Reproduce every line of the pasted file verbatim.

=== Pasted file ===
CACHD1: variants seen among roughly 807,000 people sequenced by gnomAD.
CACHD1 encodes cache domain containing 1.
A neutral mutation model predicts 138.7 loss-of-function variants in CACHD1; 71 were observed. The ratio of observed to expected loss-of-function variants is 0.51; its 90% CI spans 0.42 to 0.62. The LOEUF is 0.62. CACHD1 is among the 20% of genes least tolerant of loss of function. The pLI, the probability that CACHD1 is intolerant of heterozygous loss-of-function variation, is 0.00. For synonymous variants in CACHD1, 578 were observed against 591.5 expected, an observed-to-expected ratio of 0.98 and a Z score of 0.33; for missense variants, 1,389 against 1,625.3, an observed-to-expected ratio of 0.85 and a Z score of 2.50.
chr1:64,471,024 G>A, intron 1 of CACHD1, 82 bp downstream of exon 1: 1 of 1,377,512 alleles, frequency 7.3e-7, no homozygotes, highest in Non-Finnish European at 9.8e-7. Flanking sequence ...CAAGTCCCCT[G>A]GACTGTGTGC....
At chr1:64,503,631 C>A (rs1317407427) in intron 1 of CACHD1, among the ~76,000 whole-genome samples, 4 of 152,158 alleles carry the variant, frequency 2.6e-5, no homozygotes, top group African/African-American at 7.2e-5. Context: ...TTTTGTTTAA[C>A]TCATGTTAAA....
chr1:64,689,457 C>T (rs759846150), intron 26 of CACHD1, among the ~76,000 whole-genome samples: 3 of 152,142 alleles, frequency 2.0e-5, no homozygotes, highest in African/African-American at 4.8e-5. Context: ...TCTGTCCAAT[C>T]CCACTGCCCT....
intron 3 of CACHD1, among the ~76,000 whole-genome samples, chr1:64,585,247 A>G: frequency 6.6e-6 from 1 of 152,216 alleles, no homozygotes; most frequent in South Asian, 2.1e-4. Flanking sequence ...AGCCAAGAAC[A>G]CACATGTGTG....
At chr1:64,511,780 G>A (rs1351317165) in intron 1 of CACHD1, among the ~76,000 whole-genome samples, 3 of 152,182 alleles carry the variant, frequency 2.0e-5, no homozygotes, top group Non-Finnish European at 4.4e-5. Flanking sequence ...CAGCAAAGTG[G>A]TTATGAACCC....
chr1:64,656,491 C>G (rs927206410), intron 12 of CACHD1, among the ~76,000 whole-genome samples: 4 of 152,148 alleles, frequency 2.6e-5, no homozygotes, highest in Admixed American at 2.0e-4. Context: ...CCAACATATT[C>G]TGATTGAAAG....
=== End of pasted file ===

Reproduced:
CACHD1: variants seen among roughly 807,000 people sequenced by gnomAD.
CACHD1 encodes cache domain containing 1.
A neutral mutation model predicts 138.7 loss-of-function variants in CACHD1; 71 were observed. The ratio of observed to expected loss-of-function variants is 0.51; its 90% CI spans 0.42 to 0.62. The LOEUF is 0.62. CACHD1 is among the 20% of genes least tolerant of loss of function. The pLI, the probability that CACHD1 is intolerant of heterozygous loss-of-function variation, is 0.00. For synonymous variants in CACHD1, 578 were observed against 591.5 expected, an observed-to-expected ratio of 0.98 and a Z score of 0.33; for missense variants, 1,389 against 1,625.3, an observed-to-expected ratio of 0.85 and a Z score of 2.50.
chr1:64,471,024 G>A, intron 1 of CACHD1, 82 bp downstream of exon 1: 1 of 1,377,512 alleles, frequency 7.3e-7, no homozygotes, highest in Non-Finnish European at 9.8e-7. Flanking sequence ...CAAGTCCCCT[G>A]GACTGTGTGC....
At chr1:64,503,631 C>A (rs1317407427) in intron 1 of CACHD1, among the ~76,000 whole-genome samples, 4 of 152,158 alleles carry the variant, frequency 2.6e-5, no homozygotes, top group African/African-American at 7.2e-5. Context: ...TTTTGTTTAA[C>A]TCATGTTAAA....
chr1:64,689,457 C>T (rs759846150), intron 26 of CACHD1, among the ~76,000 whole-genome samples: 3 of 152,142 alleles, frequency 2.0e-5, no homozygotes, highest in African/African-American at 4.8e-5. Context: ...TCTGTCCAAT[C>T]CCACTGCCCT....
intron 3 of CACHD1, among the ~76,000 whole-genome samples, chr1:64,585,247 A>G: frequency 6.6e-6 from 1 of 152,216 alleles, no homozygotes; most frequent in South Asian, 2.1e-4. Flanking sequence ...AGCCAAGAAC[A>G]CACATGTGTG....
At chr1:64,511,780 G>A (rs1351317165) in intron 1 of CACHD1, among the ~76,000 whole-genome samples, 3 of 152,182 alleles carry the variant, frequency 2.0e-5, no homozygotes, top group Non-Finnish European at 4.4e-5. Flanking sequence ...CAGCAAAGTG[G>A]TTATGAACCC....
chr1:64,656,491 C>G (rs927206410), intron 12 of CACHD1, among the ~76,000 whole-genome samples: 4 of 152,148 alleles, frequency 2.6e-5, no homozygotes, highest in Admixed American at 2.0e-4. Context: ...CCAACATATT[C>G]TGATTGAAAG....